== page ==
What you should do to secure mailboxes when employees die

What you should do to secure mailboxes when employees die

Last week, I discussed the steps that companies can take to secure an Exchange mailbox after an employee is terminated or otherwise leaves the company. I also looked at the steps to accomplish the same goal for Office 365 in this article. Well, life is not easy at times, which brings me to the fact that I use Windows Phone (but for how long more, I ask myself?). One of the unique features of Windows Phone is the “People Hub” app, which presents an integrated view of Facebook, Twitter, and LinkedIn feeds. The “live” tile for the app displays an ever-changing rota of pictures taken from the different feeds. It’s amusing rather than useful and emphasizes the active nature of Windows Phone tiles rather than the static nature of the icons used by competitors.

My ambivalent attitude to the tile was somewhat shaken the other day when a photo of a recently-deceased cousin appeared. The photo came from his LinkedIn profile, which hadn’t been updated to reflect his demise. The same issue might have happened with any of the other social networking services and is simply a reflection of the uber-connected world in which we now live (this article provides a good overview of how these services are coping with the challenges).

All of this got to thinking about how organizations deal with mailboxes belonging to the recently departed. In terms of consumer email systems, Gmail has a well-defined policy to allow relatives to gain access to someone’s account after their death. With Outlook.com, it seems like you have to email the “Microsoft Live Custodian of Records” (per this process). You might think that these processes are burdensome, especially in the trauma of a recent death, but it is important that service providers protect the privacy of all concerned.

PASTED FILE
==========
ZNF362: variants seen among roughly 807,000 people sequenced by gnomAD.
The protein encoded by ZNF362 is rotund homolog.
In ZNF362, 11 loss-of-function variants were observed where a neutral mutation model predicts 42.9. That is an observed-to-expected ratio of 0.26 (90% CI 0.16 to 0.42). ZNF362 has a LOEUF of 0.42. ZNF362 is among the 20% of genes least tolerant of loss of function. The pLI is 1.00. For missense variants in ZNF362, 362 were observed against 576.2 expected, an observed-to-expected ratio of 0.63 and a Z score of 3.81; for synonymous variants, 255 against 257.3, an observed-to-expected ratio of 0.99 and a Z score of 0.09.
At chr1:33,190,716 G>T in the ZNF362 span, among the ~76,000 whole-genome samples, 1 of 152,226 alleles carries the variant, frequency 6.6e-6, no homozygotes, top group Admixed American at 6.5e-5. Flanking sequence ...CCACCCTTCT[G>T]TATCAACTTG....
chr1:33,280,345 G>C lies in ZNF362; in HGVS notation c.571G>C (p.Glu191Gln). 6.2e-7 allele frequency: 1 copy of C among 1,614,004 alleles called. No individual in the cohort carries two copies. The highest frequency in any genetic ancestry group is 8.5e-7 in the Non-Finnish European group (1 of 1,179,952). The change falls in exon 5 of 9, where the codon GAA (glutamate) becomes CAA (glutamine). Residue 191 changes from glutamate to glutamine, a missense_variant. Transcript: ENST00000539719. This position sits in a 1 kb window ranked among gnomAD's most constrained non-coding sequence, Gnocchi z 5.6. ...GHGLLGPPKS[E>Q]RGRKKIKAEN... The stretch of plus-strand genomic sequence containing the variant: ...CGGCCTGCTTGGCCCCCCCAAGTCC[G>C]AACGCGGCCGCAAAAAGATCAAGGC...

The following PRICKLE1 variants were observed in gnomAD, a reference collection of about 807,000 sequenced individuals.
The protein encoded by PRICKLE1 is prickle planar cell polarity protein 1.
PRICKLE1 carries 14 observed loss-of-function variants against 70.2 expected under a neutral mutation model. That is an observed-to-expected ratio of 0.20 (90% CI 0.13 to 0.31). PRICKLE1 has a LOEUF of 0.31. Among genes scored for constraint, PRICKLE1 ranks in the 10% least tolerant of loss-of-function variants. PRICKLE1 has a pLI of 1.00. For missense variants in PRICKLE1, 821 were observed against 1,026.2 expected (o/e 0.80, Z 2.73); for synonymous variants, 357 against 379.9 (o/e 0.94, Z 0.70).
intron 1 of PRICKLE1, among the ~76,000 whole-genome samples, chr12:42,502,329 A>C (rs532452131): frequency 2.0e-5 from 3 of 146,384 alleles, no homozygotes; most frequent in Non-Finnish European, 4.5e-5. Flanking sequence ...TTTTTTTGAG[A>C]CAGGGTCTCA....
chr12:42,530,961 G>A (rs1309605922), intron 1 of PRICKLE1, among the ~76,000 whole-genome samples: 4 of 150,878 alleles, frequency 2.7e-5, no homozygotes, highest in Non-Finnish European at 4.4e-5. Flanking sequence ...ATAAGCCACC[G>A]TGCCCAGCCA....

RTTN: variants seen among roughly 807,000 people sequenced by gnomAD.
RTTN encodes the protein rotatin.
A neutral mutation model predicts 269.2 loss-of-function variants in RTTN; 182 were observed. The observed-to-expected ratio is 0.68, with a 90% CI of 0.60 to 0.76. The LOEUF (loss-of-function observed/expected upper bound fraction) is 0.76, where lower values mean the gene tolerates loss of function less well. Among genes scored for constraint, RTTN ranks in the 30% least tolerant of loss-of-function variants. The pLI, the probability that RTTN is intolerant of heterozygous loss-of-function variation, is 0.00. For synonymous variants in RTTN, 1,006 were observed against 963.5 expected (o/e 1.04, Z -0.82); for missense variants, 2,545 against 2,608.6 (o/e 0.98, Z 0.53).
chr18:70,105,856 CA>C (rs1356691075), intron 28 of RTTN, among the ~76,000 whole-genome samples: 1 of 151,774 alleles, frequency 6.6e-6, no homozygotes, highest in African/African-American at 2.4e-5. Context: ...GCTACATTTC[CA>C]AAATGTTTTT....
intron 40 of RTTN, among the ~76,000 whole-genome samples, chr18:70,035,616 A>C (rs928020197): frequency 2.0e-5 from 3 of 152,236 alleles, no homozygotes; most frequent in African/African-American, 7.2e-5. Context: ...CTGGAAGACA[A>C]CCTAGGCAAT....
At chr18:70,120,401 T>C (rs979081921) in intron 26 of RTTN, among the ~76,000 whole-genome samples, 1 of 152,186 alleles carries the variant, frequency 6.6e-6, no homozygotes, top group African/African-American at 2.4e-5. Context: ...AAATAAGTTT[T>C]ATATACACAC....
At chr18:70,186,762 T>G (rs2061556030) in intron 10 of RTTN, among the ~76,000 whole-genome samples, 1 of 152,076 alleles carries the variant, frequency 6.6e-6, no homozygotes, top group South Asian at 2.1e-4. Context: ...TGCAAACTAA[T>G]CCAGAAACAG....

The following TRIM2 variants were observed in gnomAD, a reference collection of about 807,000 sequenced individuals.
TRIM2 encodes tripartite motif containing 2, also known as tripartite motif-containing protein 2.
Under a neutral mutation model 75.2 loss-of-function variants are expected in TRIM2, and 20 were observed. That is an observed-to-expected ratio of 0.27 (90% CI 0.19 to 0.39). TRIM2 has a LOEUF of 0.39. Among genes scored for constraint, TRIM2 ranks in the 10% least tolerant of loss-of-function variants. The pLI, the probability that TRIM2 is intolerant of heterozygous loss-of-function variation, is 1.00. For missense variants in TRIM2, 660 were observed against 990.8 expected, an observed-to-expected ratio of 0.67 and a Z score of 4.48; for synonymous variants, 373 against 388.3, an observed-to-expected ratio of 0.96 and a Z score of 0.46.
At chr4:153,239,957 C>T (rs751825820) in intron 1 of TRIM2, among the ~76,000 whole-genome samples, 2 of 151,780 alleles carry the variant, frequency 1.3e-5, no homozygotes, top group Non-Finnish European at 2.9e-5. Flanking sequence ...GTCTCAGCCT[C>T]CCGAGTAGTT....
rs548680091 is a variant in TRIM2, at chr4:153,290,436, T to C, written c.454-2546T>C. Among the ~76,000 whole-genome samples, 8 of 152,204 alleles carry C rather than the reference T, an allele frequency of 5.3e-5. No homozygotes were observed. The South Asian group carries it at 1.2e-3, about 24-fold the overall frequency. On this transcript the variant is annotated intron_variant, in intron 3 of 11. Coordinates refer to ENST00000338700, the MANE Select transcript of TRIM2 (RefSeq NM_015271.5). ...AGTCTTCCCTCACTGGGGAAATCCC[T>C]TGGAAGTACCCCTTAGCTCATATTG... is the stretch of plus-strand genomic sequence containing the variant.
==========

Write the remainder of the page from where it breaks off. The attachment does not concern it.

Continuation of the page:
Which brings me to the question of how companies deal with the Exchange mailboxes (both on-premises and in the cloud) of deceased employees. Because almost every employee now has a company-provided mailbox, this is a situation that will happen so it’s important that administrators have clear and unambiguous direction as to how to proceed. It’s not one of the more pleasant parts of implementation projects but the growing importance of compliance makes securing and the proper disposal of these mailboxes a task that must be faced.

I do not have a magic formula to solve the problem. Each company is different and I am sure that better solutions exist. In any case, here is the general approach that I take:

First, it is imperative that the death is documented. This is a HR function and HR should include informing IT of the need to secure a mailbox once HR knows that an employee has died. A correctly validated and signed-off notice should go from HR to IT to request the process to begin.

From a technical perspective, the steps are pretty similar in all companies and share many of the characteristics discussed in my articles from last week:

  • Disable the Windows or Azure Active Directory account.
  • Remove the mailbox from all distribution groups to which it belongs. You can find out what groups someone is a member of by examining their mailbox details in EAC or by running the PowerShell snippet shown below
ForEach ($Group in Get-DistributionGroup) { ForEach ( $Members in Get-DistributionGroupMember  -Identity  $Group.Alias| Where-Object { $_.PrimarySmtpAddress -eq "[email protected]"}) { $Group.DisplayName}}
  • You might also want to remove the access the mailbox has to any shared or site mailboxes.
  • Add the mailbox to a special “Departed Employees” distribution group. This group should be hidden from the GAL.